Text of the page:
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Thinking of getting a tattoo? Here’s what you should know

Gone are the days when tattoos were seen as a gesticulation of satanism and markings of unruliness. Well, at least to millennials and Gen Zs.

The older generations still remain adamant with their perceptions of tattoos and body piercings, which is rather ironic seeing as many cultures, like the Maasai, used to pierce their ears as part of their tradition. 

Tattoos, on the other hand, have been categorized as taboo in many cultures and it goes without saying that there is no African household that welcomes the idea of having a permanent marking on your skin that signifies only God knows what. 

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In this new era, however, tattoos are seen as more of an emblem of personality and a sigil of spirituality than a rune of defiance and ungodliness. Tattoos are now embraced as works of art that carry deeper meaning about the bearer of the mark. These ink-infused designs on the skin tell many stories about a person than you could ever possibly decipher, yet still, add mystery to their character.

It took me two years of serious thought before I finally decided to get my first tattoo. There were so many things I considered and consulted about that helped me pluck up some courage in the end, and I went for it. I didn’t tell my mum about it at first because I knew she would not agree to it, so I told her once it was already engraved on my skin. She lectured me for half an hour asking me about its meaning (which is a unalome with a spiritual interpretation), but she still didn’t like the idea of her daughter having what to her seems satanic.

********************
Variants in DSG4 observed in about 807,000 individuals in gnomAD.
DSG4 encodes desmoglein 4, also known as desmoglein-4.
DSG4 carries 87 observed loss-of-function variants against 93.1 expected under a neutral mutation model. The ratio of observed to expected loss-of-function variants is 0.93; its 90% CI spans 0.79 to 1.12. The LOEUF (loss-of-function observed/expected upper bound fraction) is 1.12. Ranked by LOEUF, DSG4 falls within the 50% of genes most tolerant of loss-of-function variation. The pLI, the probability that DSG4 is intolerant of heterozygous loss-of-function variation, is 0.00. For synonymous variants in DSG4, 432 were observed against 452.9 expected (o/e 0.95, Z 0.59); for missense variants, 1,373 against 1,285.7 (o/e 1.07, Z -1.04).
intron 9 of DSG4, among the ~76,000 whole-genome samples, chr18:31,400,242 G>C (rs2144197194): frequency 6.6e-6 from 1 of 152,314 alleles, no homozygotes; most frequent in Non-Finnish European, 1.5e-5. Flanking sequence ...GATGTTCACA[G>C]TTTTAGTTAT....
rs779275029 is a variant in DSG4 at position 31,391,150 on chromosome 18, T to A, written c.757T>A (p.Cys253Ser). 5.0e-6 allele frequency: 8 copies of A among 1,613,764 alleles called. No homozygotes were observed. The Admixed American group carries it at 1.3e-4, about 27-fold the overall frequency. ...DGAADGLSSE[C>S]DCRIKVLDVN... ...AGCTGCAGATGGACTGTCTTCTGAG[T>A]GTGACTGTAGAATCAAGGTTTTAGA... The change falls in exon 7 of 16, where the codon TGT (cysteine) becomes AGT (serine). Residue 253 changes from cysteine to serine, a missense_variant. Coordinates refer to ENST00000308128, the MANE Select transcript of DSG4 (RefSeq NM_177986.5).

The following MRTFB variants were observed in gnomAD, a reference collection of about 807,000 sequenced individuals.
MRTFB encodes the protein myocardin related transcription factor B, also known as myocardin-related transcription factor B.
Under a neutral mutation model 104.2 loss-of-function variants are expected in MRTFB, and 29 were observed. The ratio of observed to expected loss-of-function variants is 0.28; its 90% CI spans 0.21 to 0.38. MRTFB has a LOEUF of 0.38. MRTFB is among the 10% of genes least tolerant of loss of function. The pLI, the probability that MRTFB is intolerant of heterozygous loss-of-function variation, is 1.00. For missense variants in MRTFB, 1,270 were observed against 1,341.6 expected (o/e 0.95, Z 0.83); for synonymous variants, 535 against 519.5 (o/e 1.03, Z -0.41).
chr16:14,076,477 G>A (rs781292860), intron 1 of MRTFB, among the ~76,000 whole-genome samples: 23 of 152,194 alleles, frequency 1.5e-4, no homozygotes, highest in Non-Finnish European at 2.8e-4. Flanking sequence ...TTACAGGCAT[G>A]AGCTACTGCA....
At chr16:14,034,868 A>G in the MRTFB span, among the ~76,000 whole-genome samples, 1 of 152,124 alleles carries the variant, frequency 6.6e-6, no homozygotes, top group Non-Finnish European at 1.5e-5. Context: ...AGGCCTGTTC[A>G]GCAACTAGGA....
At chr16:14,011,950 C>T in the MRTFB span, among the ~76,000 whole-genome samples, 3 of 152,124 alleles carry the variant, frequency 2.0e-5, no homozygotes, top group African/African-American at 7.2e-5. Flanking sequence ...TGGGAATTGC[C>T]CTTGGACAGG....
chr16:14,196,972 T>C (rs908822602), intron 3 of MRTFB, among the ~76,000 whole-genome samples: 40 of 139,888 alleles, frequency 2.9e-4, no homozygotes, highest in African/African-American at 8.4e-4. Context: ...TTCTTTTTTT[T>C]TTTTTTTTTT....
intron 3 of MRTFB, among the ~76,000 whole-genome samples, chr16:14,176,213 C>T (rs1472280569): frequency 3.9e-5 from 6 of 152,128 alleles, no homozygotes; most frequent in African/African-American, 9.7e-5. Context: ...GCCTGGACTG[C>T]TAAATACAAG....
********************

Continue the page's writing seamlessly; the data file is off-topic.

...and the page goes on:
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Locally we see celebrities like Mitchelle Ntalami, Khaligraph Jones, Tanasha Donna, Vera Sidika, Shaffie Weru, and many others who have several tattoos on their bodies with various meanings.

Many people, however, neglect the thought process that is necessary to have prior to getting inked. Getting a tattoo because your favorite celebrity has one isn’t reason enough to settle for one.

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Getting your first tattoo is both terrifying and exciting, and you probably have a million and one questions already. How bad will it hurt? How do you know if a parlor is safe?

How much will it cost? Before you get anything permanently placed on your body, you should delve into deep research and consultation. Talk to friends who already have them and get a different perspective. However, from my experience, here’s what you should know beforehand:

  • Think about your tattoo for at least a year before you commit to it.

Getting a tattoo is a life-long commitment, and just like marriage, you need to take time to learn what you’re committing yourself to. When you’re designing, try to think of the word ‘timeless’ because your tattoo will be timeless. What you think will look cool in a moment’s thought may change so you want to think hard about the design and make sure you will still be into it months, and years later.

  • Which body part

Before you embark on getting a tattoo, take time to decide where exactly you want it on your body. Think about the long-term implication of the tattoo placement because there will come a time when the positioning of your tattoo will be a matter of concern.

  • Prices vary depending on size.

Tattoo parlors adjust prices based on the size and style of the tattoo you want, and FYI, if they know you’re a tat virgin, they might try to up the price on you. It’s a good idea to call and ask for an estimate before you go in, although that number may change significantly once the design is drawn. If you can, bring someone who has gotten inked before to help you negotiate, or do research on pricing beforehand to make sure you don’t get ripped off.